Acer mixes the form factor of the BlackBerry with the power of an Android.
One of the reason that BlackBerry is so popular is because of it’s form factor. The full qwerty keyboard along with a landscape mode screen allows for a much more usable experience over a portrait touch screen device- at least for typing out more than a couple of sentences. With the beTouch E130, Acer tries to bring that experience to the Android platform.
Packaged in a small orange and white box, the Acer beTouch E130 comes with your usual assortment of accessories- a wall charger, a carrying case, some literature including a quickstart guide, a headset and a USB cable. Acer also throws in a microSD to SD converter for the 2GB card pre-installed inside the phone. The phone is available in black and white and we received the latter one for review.
On the hardware side, the E130 is spec’ed very much like what you’d expect a lower-end handset to be. It has a 416MHz CPU with 512MB ROM and 256MB RAM. The 2.6″ touch screen has a QVGA resolution of 320×240 pixels and is resistive in nature. On the radio side, you have quad band GSM support along with UMTS data connectivity. Acer also includes WiFi, GPS an Bluetooth 2.0 radios.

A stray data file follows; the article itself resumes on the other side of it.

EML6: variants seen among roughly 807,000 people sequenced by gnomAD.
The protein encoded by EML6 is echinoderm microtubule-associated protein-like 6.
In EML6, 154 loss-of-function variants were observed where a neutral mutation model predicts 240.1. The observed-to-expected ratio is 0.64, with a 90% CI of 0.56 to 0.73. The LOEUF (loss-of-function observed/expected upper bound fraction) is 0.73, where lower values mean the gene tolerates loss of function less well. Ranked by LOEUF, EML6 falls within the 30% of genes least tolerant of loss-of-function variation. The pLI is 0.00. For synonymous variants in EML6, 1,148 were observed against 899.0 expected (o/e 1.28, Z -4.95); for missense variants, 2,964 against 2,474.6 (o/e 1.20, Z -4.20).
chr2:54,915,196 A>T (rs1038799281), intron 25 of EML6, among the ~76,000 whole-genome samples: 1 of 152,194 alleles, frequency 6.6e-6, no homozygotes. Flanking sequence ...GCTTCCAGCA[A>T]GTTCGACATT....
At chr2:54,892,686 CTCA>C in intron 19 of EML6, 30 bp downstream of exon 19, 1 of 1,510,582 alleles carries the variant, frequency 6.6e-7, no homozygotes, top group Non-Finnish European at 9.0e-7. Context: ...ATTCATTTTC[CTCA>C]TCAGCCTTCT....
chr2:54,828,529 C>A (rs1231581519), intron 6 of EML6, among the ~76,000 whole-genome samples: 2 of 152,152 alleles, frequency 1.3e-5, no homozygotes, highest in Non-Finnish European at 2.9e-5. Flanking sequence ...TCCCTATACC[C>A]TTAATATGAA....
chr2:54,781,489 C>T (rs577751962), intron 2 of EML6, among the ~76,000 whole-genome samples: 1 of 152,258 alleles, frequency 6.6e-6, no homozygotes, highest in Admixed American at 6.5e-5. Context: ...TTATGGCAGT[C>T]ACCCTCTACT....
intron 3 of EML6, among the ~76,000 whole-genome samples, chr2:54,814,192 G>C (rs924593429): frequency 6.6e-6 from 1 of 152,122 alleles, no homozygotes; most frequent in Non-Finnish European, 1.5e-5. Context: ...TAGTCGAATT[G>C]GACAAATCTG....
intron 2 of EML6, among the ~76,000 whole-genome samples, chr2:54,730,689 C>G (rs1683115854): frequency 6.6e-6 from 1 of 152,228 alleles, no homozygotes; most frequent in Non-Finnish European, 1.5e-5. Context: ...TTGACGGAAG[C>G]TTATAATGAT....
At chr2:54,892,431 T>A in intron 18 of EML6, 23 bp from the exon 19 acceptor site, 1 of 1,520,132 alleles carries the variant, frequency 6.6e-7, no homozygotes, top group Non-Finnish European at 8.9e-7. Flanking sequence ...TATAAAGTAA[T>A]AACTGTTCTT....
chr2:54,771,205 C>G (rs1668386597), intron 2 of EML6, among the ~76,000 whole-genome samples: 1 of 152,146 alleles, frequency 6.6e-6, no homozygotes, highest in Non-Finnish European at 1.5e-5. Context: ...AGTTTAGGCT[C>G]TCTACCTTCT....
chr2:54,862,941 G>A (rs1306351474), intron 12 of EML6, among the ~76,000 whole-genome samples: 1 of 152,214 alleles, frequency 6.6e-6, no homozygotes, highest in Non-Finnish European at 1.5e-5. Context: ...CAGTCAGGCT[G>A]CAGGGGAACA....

Looks-wise, the white version of the E130 is a decent looking phone . Measuring 115 x 63 x 11.5mm and weighing just 109g, the E130 fits nicely in your hand and doesn’t weigh it down. Acer keeps the sides clean with just a 3.5mm jack on top and volumes buttons along with the USB port on the right side. Although I couldn’t tell in my limited amount of testing, I have a feeling that the white version will get a bit dirty over time- I just hope that it doesn’t get discolored.
The front of the device features the full keyboard with decently sized keys that are easy to press but not as soft as I would have liked. Along with your traditional qwerty keys, Acer places a shortcut button to messaging that can also be pressed for a longer time to turn the phone silent which is good thinking from their side.
Above the keyboard, Acer places a trackball which is a bit of an odd choice in the times we live in. An optical d-pad would have been a nicer edition, however, this is a budget phone so maybe that’s the reason Acer didn’t add that as it would’ve added to costs. Some might argue that you don’t need a tracking device with a touch screen which is true for some phones, but not for the Acer and I’ll get to that a bit later.
Next to the trackball, you have six buttons- the call and end buttons are full height and easy to press but the remaining four buttons- home, back, menu and search can get accidentally pressed because of their small size.